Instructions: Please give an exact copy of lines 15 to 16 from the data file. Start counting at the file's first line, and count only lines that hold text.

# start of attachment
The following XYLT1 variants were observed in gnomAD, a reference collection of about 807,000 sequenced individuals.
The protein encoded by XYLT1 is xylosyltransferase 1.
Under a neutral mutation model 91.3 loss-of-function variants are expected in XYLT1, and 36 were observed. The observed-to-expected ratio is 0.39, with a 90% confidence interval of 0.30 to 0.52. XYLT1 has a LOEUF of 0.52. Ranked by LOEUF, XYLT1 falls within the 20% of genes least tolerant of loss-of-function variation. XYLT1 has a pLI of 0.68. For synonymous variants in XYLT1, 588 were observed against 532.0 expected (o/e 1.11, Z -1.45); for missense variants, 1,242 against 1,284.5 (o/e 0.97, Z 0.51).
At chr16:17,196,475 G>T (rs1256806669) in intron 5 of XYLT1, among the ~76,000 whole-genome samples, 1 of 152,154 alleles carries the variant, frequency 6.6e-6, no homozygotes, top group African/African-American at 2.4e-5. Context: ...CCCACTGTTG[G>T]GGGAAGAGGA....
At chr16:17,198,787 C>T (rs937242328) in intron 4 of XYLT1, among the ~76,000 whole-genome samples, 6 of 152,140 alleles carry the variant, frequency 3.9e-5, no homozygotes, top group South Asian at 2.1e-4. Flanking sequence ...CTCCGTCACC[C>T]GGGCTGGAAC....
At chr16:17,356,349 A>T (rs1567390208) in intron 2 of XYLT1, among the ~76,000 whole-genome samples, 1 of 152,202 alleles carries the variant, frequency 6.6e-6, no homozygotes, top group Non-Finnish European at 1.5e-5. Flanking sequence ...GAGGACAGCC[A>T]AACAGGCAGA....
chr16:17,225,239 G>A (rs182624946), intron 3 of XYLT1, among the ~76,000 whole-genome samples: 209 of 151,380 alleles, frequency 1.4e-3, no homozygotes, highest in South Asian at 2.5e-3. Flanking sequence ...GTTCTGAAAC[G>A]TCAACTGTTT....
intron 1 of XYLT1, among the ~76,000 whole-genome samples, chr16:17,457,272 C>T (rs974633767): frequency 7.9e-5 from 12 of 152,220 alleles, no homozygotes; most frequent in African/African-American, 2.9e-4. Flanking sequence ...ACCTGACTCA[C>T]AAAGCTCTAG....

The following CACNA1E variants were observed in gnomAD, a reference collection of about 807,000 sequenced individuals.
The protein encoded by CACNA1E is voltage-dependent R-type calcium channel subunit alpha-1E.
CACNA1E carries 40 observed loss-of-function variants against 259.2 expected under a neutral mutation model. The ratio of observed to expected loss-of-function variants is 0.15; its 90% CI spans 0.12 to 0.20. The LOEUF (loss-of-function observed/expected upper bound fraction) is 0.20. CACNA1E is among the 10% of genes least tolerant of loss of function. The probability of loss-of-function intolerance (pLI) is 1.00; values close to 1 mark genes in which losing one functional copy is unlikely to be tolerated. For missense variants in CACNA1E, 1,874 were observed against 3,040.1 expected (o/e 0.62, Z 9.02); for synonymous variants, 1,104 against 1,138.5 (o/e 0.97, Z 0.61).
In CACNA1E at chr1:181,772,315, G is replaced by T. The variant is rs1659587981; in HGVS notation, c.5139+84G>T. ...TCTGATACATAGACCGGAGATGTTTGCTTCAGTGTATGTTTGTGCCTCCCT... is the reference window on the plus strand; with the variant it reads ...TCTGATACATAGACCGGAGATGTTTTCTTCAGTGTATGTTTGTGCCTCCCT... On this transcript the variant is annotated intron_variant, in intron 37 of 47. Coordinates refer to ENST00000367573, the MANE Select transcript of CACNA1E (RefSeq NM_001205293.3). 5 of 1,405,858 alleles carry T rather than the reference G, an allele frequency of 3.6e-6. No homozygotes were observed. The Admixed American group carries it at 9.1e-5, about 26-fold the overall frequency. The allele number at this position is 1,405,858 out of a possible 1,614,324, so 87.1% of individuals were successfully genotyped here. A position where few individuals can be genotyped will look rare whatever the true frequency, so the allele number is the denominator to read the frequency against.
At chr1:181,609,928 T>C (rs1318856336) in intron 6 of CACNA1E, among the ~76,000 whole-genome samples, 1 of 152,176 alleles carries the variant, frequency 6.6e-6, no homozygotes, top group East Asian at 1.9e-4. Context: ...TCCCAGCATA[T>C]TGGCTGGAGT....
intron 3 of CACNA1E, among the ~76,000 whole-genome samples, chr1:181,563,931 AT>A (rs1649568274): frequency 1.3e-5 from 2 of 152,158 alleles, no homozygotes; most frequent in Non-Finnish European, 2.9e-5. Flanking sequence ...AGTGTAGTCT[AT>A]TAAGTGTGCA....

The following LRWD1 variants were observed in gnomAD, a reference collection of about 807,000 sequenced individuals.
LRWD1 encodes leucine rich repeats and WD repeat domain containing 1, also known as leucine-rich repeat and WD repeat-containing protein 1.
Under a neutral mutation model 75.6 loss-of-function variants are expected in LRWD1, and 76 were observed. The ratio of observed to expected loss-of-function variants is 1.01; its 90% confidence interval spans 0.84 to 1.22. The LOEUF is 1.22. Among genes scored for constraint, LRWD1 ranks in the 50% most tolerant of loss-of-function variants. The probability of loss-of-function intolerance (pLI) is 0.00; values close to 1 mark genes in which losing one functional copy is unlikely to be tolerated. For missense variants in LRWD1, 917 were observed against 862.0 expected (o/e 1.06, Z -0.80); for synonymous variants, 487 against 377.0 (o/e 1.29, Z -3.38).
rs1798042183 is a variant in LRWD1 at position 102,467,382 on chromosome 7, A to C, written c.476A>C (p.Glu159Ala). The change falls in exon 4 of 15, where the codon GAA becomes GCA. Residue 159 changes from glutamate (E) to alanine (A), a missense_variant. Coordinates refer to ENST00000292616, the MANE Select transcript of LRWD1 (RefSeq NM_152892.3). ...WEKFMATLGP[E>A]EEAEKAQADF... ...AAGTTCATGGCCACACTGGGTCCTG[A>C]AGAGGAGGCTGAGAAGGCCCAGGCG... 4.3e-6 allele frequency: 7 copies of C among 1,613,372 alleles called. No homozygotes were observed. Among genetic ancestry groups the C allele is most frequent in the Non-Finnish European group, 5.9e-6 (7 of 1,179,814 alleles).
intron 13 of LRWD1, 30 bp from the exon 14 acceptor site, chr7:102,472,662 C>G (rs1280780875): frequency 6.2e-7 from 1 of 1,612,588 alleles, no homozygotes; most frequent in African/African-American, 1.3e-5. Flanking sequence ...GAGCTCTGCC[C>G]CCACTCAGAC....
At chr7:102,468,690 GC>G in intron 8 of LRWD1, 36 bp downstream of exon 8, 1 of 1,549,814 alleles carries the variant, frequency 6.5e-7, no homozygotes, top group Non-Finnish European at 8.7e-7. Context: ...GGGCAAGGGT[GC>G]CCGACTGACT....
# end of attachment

The following LRWD1 variants were observed in gnomAD, a reference collection of about 807,000 sequenced individuals.
LRWD1 encodes leucine rich repeats and WD repeat domain containing 1, also known as leucine-rich repeat and WD repeat-containing protein 1.